I do mostly split contrast printing and my complaints are that it is tedious to dial in maximum yellow and magenta alternately. Also. The light source is very bright with the 4x5 mixing chamber, even when I enlarge 6x7 negatives. I certainly wouldn't bother with smaller mixing chambers. I wish it had neutral density adjustment.

    I wish someone made an oversized LED lightsource with digital controls for intensity and control of Blue/Green like the CalumetZone VI for Beseler.
     
  15. Chazzy

    Chazzy Member

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    I'm surprised that Calumet doesn't offer adaptors permitting people to use that head with Beseler and Omega enlargers. There are a heck of a lot more people with those enlargers than with Zone VI enlargers. Maybe if enough of us requested the adaptors, they would listen?
     
  16. Photo Engineer

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    One of my enlargers is an old Omega D2V with a converter for the Beseler Dichro 45 head. At one time, conversions were very popular.

    PE
     
  17. Pragmatist

    Pragmatist Member

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    I have had both, and much prefer the totally mechanical 45S. The microprocessor board is the most likely to fail on the computerized version, and the original components have long since been consigned to the bin of obsolete history. There is one service agent that produces a replacement board with a more reliable processor. A search of the threads here will turn his contact info up.

    The dichro filters on each are identical, as is the mechanism for adjusting them. The only real difference is that the mechanical model approximates with a fixed division dial, whilst the computerized model purports to measure and deliver an accurate rendering of each CYM filtration value. In theory...

    The problem is that once "zeroed" the readout will often wander as one value is brought up or down in the other values. Sometimes the difference between an empty carrier, a BW negative (and ones of varying density) will cause a change in the reflected light value in the mixing chamber and skew the values again...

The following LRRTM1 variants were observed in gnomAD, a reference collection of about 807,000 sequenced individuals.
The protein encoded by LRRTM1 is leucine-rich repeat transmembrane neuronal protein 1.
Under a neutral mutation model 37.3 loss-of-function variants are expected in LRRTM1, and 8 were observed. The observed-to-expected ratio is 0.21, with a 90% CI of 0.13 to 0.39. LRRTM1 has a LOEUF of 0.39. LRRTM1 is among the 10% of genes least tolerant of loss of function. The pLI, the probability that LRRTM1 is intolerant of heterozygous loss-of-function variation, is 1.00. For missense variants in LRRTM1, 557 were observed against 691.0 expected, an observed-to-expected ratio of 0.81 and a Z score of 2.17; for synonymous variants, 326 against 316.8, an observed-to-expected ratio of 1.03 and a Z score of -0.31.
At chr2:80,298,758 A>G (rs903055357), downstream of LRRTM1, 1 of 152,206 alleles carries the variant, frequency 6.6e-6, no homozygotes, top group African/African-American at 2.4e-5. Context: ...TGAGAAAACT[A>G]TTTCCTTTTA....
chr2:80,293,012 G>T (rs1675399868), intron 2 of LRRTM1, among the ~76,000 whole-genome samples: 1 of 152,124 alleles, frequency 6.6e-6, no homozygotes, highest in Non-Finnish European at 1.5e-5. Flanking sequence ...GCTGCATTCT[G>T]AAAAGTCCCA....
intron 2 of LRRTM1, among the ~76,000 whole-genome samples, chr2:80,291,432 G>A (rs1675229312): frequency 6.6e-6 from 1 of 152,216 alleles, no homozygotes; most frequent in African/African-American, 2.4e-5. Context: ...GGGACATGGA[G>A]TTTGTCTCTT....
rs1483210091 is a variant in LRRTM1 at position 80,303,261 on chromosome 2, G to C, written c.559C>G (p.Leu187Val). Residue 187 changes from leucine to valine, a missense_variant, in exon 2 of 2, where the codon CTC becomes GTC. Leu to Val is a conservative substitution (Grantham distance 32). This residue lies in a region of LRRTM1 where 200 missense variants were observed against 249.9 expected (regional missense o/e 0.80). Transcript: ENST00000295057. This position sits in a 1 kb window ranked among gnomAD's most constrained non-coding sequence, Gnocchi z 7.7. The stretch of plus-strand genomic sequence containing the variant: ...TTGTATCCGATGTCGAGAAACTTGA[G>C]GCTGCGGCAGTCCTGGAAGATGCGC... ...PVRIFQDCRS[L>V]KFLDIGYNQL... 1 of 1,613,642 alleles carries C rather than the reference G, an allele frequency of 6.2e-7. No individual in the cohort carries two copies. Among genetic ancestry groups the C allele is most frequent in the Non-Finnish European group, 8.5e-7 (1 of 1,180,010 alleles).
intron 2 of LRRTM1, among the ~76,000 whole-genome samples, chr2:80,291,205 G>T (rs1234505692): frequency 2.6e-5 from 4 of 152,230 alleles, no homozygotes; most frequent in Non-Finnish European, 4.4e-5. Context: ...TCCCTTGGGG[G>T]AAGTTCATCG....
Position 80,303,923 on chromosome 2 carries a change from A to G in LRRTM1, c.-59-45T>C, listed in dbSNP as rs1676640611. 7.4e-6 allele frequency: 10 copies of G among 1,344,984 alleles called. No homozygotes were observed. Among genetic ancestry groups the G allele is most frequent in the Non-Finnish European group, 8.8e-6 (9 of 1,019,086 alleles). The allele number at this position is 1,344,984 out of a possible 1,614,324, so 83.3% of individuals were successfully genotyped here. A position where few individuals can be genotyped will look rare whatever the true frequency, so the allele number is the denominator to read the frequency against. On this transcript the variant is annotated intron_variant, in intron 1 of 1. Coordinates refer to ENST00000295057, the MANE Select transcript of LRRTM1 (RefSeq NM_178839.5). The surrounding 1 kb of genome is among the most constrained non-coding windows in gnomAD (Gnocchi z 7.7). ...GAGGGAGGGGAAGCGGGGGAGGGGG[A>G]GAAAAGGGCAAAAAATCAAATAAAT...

The mechanical version remains "accurate", once calibrated to a known set of production or metered values, as the dichro filters themselves are very stable and fade resistant. Using dual value filtration (as opposed to single filtration) it is relatively easy to maintain a consistent exposure value while changing contrast grades. The cyan filter value can be used to great success as a neutral density filter...

    Now if you want to go computerized with your Beseler and really want the "edge", go with the Minolta 45A. This is what I have on my other 45MX chassis...
     
  18. Maine-iac

    Maine-iac Member

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    I have the Computerized version, but the light chamber and controls are virtually identical with the 45S. I've been using it for variable contrast printing for many years with excellent results. I don't have the computer control cards; I use it as though it were the 45S. Since I use the split filter technique with variable contrast paper (full magenta exposure and full yellow exposure) I turn my knobs a lot, and after 20 years or so, they're beginning to get a little loose, but still opearting fine. Using Bergger, Forte, or Agfa papers, my exposures are usually in the range of 10-12 seconds (each M and Y) at f11 for a 120 neg.

    I do not have the light chambers for 35mm or 120. I print all formats using the 4X5 light chamber, and it works just fine. Exposures are slightly longer for 35 mm, but still under 30 seconds at f11. The only time I wished I had the other light chambers is when I used to print Ciba/Ilfochromes which were very slow.

    Larry
     
  19. Pragmatist

    Pragmatist Member

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    Forgot to add... Edge to edge illumination is quite equal, due to the engineering or the light mixing boxes. The larger 4x5 will work with any smaller format, albeit more slowly than the correct size mixing chamber. There are only two others; 6x7 and 35mm. They are used in both the computerized and fully mechanical versions. The only difference is that there is a sensor plug for the computerized version that connects to the pins on top of the chamber. For the chambers, make sure that the upper bellows is fully collapsed and the opaque bottom is close to the negative stage...
     
  20. Maine-iac

    Maine-iac Member

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    This is true of my computerized head also. Even if I have the Cyan dial set all the way to 0, as soon as I turn either the M or Y dials, the Cyan readout drifts up to 7-10. However, after worrying about it initially, I discovered that it's only an apparent problem. In reality, the C dial was really at 0 despite the readout. So I learned to live with a lying colorhead and just ignore what it claims the C dial is doing. It works just fine.

    Larry
     
  21. Chan Tran

    Chan Tran Member

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    That is why I like the computerized version better (although it has the problem of the circuit boards). What I get on the display is the actual color filtration and not and estimate. The reason for the cyan display to wander because when you change the other filters they do introduce some neutral density thus making the cyan reading going up.